The data presented here indicate that priming against the endogenous Tag in SV11+ mice preferentially leads to the induction of an epitope IV-specific CD8+ T cell response and that this response correlates with the control of tumor progression in SV11+ mice with advanced choroid plexus tumors. If control of choroid plexus tumors is mediated by Tag-specific immunity, then the transfer of spleen cells from Tag-immune C57BL/6 mice should result in increased control of tumors. Thus, 80-day-old SV11+ mice were irradiated and reconstituted with spleen cells from C57BL/6 mice that had been immunized with the Tag-transformed cell line B6/WT-19. The donor cells derived from Tag-immune C57BL/6 mice contained epitope I, II/III, and IV-specific CD8+ CTLs as determined by 51Cr release assay and analysis with MHC tetramers (data not shown). Some SV11+ mice were examined at 110 and 150 days of age to assess the level of tumor burden. This analysis revealed that five of five and two of two mice examined, respectively, had reduced tumor burden, compared with SV11+ mice that received only irradiation at 80 days of age (Fig. 6⇓A, compare with Fig. 1⇑A). In addition, these mice showed a dramatic increase in life span, with a mean survival of 277 days (Fig. 6⇓B). Thus, adoptive transfer with Tag-immune spleen cells results in enhanced tumor immunity compared with the transfer of naive C57BL/6 spleen cells.
The CTL response of SV11+ mice reconstituted with Tag-immune spleen cells was assessed at 100, 110, and 150 days of age. At each time point, CTL specific for epitopes I, II/III, and IV were detected (Fig. 6⇑C), indicating that systemic immunity to the immunodominant epitopes was maintained for an extended period in vivo. To obtain a more quantitative estimate of the CD8+ T cell response, we analyzed lymphocytes from SV11+ mice for staining with MHC tetramers and peptide-induced IFN-γ production. Analysis of lymphocytes from the spleen revealed that epitope I-specific T cells represented 6–7% of CD8+ T cells, while 8–10% of CD8+ T cells were specific for epitope IV (Table I⇓). Analysis of brain-derived CD8+ T cells revealed an increased ratio of epitope IV- vs epitope I-specific cells, suggesting that epitope IV-specific T cells have an advantage in accumulation in the brain. Analysis of epitope II/III-specific CD8+ T cells was not determined using MHC tetramers.
Peptide-induced IFN-γ staining revealed similar numbers of epitope I- and IV-specific CD8+ T cells compared with analysis with MHC tetramers. In addition, significant numbers of epitope II/III-specific CD8+ T cells were detected by IFN-γ production in the spleens and brains of SV11+ mice that received both irradiation and adoptive transfer with Tag-immune C57BL/6 spleen cells. Only low percentages of Tag-specific CD8+ T cells were detected in the spleen and brain of SV11+ mice that received adoptive transfer of Tag-immune spleen cells without prior irradiation, indicating that irradiation leads to enhanced expansion of Tag-specific CD8+ T cells in SV11+ mice. Transfer of Tag-immune spleen cells into irradiated Tag-negative littermates resulted in the expansion of comparatively low numbers of Tag epitope-specific CD8+ T cells compared with the results in SV11+ mice. Thus, efficient expansion of Tag-epitope specific CD8+ T cells required both prior irradiation and expression of endogenous Tag. Importantly, CD8+ T cells specific for all three immunodominant epitopes were localized to the brains of SV11+ mice following transfer of Tag-immune spleen cells.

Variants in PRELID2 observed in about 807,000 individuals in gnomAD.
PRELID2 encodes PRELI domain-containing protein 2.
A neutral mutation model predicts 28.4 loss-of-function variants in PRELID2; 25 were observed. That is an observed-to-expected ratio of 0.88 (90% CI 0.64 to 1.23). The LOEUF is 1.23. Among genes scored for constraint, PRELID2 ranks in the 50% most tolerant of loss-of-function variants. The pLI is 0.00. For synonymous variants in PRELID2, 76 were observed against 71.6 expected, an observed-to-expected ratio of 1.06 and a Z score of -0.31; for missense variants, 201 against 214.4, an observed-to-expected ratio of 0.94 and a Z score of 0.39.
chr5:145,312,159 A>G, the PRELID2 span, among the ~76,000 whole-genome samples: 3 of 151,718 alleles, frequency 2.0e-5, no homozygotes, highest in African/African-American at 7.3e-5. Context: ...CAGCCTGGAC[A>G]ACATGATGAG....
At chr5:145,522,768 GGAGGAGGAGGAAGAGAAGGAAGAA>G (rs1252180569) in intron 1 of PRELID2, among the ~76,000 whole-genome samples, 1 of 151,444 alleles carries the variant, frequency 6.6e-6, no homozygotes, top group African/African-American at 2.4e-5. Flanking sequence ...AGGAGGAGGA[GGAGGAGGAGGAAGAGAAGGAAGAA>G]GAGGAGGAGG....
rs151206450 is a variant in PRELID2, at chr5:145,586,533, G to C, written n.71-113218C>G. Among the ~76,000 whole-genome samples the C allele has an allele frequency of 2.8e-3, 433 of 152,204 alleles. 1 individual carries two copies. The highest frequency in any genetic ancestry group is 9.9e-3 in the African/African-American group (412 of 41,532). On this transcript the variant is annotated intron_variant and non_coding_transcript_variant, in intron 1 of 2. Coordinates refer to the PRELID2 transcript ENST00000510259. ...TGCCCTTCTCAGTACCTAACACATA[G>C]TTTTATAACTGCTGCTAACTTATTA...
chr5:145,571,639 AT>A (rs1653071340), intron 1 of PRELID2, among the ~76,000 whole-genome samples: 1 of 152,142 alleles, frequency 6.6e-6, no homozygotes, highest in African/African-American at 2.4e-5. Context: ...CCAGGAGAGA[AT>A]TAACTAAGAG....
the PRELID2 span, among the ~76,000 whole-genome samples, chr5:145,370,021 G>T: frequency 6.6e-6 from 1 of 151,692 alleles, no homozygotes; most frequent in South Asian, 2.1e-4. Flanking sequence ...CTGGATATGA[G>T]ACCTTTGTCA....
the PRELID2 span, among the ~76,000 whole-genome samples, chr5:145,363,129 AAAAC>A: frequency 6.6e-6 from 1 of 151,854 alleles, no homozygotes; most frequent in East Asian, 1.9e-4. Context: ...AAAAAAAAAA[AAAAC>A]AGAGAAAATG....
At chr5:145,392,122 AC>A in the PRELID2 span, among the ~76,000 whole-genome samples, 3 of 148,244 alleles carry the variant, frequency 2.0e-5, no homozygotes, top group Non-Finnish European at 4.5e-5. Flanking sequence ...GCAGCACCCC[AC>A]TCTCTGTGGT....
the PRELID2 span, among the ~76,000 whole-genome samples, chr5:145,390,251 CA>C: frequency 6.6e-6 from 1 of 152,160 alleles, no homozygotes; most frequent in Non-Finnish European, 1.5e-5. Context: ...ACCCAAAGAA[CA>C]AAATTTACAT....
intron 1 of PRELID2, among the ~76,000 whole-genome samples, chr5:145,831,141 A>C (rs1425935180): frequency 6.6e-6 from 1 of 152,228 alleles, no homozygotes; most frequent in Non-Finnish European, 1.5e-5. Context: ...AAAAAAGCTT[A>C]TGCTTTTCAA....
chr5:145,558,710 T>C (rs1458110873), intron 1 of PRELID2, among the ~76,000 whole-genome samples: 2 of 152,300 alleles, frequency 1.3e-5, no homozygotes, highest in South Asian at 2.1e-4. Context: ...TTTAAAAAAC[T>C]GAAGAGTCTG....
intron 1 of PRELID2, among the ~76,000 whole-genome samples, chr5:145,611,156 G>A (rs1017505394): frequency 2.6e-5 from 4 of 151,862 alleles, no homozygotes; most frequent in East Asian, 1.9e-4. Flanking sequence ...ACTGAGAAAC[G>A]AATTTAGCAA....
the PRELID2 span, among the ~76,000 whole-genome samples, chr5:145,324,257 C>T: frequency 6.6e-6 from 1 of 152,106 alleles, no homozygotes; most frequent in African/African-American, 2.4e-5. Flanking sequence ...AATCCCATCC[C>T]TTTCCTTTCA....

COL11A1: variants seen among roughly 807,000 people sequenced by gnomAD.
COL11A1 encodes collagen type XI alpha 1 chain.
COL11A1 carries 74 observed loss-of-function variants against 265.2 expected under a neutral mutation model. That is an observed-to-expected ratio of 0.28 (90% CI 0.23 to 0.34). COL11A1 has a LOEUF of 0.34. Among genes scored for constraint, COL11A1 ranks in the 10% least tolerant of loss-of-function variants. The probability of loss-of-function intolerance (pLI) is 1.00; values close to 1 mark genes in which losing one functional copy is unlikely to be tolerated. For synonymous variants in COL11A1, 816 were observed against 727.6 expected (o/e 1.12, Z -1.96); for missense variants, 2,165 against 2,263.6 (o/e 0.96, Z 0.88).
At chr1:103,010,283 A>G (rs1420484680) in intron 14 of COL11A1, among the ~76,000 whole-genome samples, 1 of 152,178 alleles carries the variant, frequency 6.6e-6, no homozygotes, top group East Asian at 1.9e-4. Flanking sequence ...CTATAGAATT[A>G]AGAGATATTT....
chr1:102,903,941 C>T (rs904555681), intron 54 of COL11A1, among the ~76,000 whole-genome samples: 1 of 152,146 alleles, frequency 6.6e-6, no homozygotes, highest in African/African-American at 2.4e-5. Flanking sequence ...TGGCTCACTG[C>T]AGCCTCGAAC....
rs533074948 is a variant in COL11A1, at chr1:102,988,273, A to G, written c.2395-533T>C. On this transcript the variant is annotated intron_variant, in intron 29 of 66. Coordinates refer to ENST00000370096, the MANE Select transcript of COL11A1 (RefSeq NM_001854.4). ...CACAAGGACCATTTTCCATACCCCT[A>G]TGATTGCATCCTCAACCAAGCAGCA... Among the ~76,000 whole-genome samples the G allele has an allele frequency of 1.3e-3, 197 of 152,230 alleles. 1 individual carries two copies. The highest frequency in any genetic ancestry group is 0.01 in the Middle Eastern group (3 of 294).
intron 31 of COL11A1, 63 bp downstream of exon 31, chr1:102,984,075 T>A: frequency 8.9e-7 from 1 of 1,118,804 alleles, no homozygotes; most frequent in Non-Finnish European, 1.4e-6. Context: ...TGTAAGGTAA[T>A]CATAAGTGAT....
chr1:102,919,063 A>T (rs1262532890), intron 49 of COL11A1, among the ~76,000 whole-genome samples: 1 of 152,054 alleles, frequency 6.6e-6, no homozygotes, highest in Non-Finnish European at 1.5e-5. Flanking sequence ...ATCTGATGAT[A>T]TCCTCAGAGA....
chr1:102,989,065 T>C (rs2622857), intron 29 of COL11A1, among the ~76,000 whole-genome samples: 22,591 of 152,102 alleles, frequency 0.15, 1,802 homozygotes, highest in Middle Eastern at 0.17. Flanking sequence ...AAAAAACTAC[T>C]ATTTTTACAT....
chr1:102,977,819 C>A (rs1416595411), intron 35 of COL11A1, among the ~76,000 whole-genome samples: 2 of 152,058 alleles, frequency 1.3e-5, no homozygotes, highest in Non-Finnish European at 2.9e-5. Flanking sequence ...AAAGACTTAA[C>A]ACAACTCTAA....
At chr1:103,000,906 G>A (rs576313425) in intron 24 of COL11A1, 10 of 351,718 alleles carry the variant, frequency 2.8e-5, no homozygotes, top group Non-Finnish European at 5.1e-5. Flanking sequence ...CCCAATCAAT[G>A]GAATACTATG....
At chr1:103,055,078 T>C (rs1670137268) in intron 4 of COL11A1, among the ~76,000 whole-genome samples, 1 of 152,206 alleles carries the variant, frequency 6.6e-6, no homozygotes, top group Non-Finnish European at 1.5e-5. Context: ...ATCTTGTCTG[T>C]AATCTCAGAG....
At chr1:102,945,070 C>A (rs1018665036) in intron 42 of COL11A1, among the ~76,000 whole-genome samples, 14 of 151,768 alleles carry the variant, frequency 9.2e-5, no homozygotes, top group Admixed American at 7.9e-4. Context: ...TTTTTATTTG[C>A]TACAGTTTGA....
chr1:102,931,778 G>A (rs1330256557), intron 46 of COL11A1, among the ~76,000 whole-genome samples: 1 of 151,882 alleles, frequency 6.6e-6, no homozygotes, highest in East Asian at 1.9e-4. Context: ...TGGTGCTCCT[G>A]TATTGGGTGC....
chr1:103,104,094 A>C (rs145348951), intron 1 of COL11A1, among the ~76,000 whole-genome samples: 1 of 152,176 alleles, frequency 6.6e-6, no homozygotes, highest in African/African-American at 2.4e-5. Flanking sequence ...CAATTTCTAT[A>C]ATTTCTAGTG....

Immunotherapy of established tumors remains a major challenge in both experimental models and clinical settings. Based on our current understanding of CD8+ T lymphocytes, several factors contribute to the effective induction of tumor-specific immunity. First, a tumor-specific epitope must be generated that can be recognized in complex with the host MHC molecules by CD8+ T cells. This epitope might represent a novel epitope produced due to specific mutations that have occurred during tumorigenesis (1). Alternatively, the epitope might be derived from a normal self protein that is overexpressed in the tumor cells or from a foreign protein that has been introduced into the cell, such as those derived from an oncogenic virus. Second, CD8+ T cell precursors must be present in the host that can respond to this particular epitope. The T cell repertoire specific for self Ags is limited by negative selection in the thymus (27, 28), such that the remaining T cells that can respond to peripheral self Ags have a relatively low avidity (29, 30, 31, 32). In addition, tolerogenic mechanisms active in the periphery might limit the number of T cells that can respond to a particular tumor Ag (29, 33, 34). Presentation of tumor-derived Ags by professional APCs may be critical for efficient activation of naive T cells in the tumor-bearing host, allowing either the direct priming of CD8+ T cells or inducing the proper CD4+ T cell help required for activation of CD8+ T cells (35). Once active, the responding T cells must expand to an effective level, migrate to the tumor site, and persist long enough to eradicate the tumor.